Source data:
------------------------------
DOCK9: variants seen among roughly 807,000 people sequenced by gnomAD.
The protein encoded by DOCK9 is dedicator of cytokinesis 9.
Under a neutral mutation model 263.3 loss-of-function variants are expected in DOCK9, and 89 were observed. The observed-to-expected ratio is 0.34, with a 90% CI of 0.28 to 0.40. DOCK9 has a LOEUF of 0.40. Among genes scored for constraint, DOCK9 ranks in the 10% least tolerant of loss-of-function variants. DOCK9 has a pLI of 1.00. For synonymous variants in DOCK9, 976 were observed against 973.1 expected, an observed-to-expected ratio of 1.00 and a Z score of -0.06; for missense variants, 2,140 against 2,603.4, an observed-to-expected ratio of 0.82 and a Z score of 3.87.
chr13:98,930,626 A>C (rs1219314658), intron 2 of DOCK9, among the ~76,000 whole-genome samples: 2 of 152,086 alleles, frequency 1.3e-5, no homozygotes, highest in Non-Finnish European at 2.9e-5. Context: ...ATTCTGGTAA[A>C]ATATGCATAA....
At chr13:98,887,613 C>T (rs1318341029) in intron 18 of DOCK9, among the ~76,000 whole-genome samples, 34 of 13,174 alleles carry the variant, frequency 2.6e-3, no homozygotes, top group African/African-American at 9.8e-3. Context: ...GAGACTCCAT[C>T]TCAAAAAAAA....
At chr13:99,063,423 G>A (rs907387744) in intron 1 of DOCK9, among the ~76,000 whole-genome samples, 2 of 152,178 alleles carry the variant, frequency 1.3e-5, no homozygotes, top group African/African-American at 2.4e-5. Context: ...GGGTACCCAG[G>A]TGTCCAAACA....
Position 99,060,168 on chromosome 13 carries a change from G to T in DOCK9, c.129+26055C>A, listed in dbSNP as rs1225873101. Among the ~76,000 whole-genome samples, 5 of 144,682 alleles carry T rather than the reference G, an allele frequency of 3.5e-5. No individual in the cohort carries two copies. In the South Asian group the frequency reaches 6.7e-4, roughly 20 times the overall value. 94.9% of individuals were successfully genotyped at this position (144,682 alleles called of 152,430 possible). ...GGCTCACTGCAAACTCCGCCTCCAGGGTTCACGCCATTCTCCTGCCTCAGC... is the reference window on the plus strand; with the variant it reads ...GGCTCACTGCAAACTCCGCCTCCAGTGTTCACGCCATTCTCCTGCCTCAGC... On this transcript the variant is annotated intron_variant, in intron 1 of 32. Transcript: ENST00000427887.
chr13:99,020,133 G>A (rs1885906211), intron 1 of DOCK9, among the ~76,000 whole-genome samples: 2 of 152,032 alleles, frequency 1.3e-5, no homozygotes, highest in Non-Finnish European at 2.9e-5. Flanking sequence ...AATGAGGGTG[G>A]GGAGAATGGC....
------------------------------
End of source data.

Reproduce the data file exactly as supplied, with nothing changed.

DOCK9: variants seen among roughly 807,000 people sequenced by gnomAD.
The protein encoded by DOCK9 is dedicator of cytokinesis 9.
Under a neutral mutation model 263.3 loss-of-function variants are expected in DOCK9, and 89 were observed. The observed-to-expected ratio is 0.34, with a 90% CI of 0.28 to 0.40. DOCK9 has a LOEUF of 0.40. Among genes scored for constraint, DOCK9 ranks in the 10% least tolerant of loss-of-function variants. DOCK9 has a pLI of 1.00. For synonymous variants in DOCK9, 976 were observed against 973.1 expected, an observed-to-expected ratio of 1.00 and a Z score of -0.06; for missense variants, 2,140 against 2,603.4, an observed-to-expected ratio of 0.82 and a Z score of 3.87.
chr13:98,930,626 A>C (rs1219314658), intron 2 of DOCK9, among the ~76,000 whole-genome samples: 2 of 152,086 alleles, frequency 1.3e-5, no homozygotes, highest in Non-Finnish European at 2.9e-5. Context: ...ATTCTGGTAA[A>C]ATATGCATAA....
At chr13:98,887,613 C>T (rs1318341029) in intron 18 of DOCK9, among the ~76,000 whole-genome samples, 34 of 13,174 alleles carry the variant, frequency 2.6e-3, no homozygotes, top group African/African-American at 9.8e-3. Context: ...GAGACTCCAT[C>T]TCAAAAAAAA....
At chr13:99,063,423 G>A (rs907387744) in intron 1 of DOCK9, among the ~76,000 whole-genome samples, 2 of 152,178 alleles carry the variant, frequency 1.3e-5, no homozygotes, top group African/African-American at 2.4e-5. Context: ...GGGTACCCAG[G>A]TGTCCAAACA....
Position 99,060,168 on chromosome 13 carries a change from G to T in DOCK9, c.129+26055C>A, listed in dbSNP as rs1225873101. Among the ~76,000 whole-genome samples, 5 of 144,682 alleles carry T rather than the reference G, an allele frequency of 3.5e-5. No individual in the cohort carries two copies. In the South Asian group the frequency reaches 6.7e-4, roughly 20 times the overall value. 94.9% of individuals were successfully genotyped at this position (144,682 alleles called of 152,430 possible). ...GGCTCACTGCAAACTCCGCCTCCAGGGTTCACGCCATTCTCCTGCCTCAGC... is the reference window on the plus strand; with the variant it reads ...GGCTCACTGCAAACTCCGCCTCCAGTGTTCACGCCATTCTCCTGCCTCAGC... On this transcript the variant is annotated intron_variant, in intron 1 of 32. Transcript: ENST00000427887.
chr13:99,020,133 G>A (rs1885906211), intron 1 of DOCK9, among the ~76,000 whole-genome samples: 2 of 152,032 alleles, frequency 1.3e-5, no homozygotes, highest in Non-Finnish European at 2.9e-5. Flanking sequence ...AATGAGGGTG[G>A]GGAGAATGGC....